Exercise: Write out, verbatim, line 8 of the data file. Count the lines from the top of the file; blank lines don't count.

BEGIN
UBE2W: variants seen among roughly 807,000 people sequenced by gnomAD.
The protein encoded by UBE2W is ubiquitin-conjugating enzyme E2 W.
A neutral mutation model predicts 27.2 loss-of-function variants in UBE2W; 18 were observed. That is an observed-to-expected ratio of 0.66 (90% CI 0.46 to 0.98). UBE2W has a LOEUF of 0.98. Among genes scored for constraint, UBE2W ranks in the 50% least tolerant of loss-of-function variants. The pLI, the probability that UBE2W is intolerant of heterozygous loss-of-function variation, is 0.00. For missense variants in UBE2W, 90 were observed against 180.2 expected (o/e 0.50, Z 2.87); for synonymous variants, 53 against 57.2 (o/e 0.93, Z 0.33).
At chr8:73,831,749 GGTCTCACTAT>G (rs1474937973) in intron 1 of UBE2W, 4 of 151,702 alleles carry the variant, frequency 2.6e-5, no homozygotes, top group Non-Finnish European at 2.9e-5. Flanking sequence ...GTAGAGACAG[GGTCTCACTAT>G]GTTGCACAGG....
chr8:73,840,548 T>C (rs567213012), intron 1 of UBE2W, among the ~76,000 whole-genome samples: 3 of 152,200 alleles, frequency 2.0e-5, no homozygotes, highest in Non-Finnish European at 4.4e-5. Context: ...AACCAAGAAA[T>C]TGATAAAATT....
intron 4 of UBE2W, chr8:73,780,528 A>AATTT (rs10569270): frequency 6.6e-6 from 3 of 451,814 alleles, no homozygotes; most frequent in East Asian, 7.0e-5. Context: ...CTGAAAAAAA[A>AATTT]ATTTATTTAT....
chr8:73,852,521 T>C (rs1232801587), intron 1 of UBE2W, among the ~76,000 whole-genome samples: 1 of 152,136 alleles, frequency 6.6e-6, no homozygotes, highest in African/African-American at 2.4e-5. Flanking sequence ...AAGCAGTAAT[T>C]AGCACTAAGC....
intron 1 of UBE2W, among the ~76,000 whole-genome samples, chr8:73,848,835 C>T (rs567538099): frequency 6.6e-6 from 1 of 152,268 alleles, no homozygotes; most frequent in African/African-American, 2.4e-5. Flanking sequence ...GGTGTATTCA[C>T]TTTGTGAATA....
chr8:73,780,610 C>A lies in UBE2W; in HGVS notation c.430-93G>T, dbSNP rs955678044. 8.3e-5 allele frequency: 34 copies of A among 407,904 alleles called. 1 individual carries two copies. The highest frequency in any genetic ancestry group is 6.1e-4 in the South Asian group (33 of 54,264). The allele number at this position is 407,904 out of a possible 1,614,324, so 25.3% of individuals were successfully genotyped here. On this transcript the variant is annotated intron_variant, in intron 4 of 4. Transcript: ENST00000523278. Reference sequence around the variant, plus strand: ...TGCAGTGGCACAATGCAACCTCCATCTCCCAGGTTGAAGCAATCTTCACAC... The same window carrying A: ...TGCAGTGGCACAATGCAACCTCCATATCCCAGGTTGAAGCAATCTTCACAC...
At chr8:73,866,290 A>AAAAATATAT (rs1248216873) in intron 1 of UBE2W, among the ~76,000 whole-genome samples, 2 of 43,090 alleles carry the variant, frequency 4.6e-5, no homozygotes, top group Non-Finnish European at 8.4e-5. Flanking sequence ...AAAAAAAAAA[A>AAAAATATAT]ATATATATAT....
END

intron 1 of UBE2W, among the ~76,000 whole-genome samples, chr8:73,848,835 C>T (rs567538099): frequency 6.6e-6 from 1 of 152,268 alleles, no homozygotes; most frequent in African/African-American, 2.4e-5. Flanking sequence ...GGTGTATTCA[C>T]TTTGTGAATA....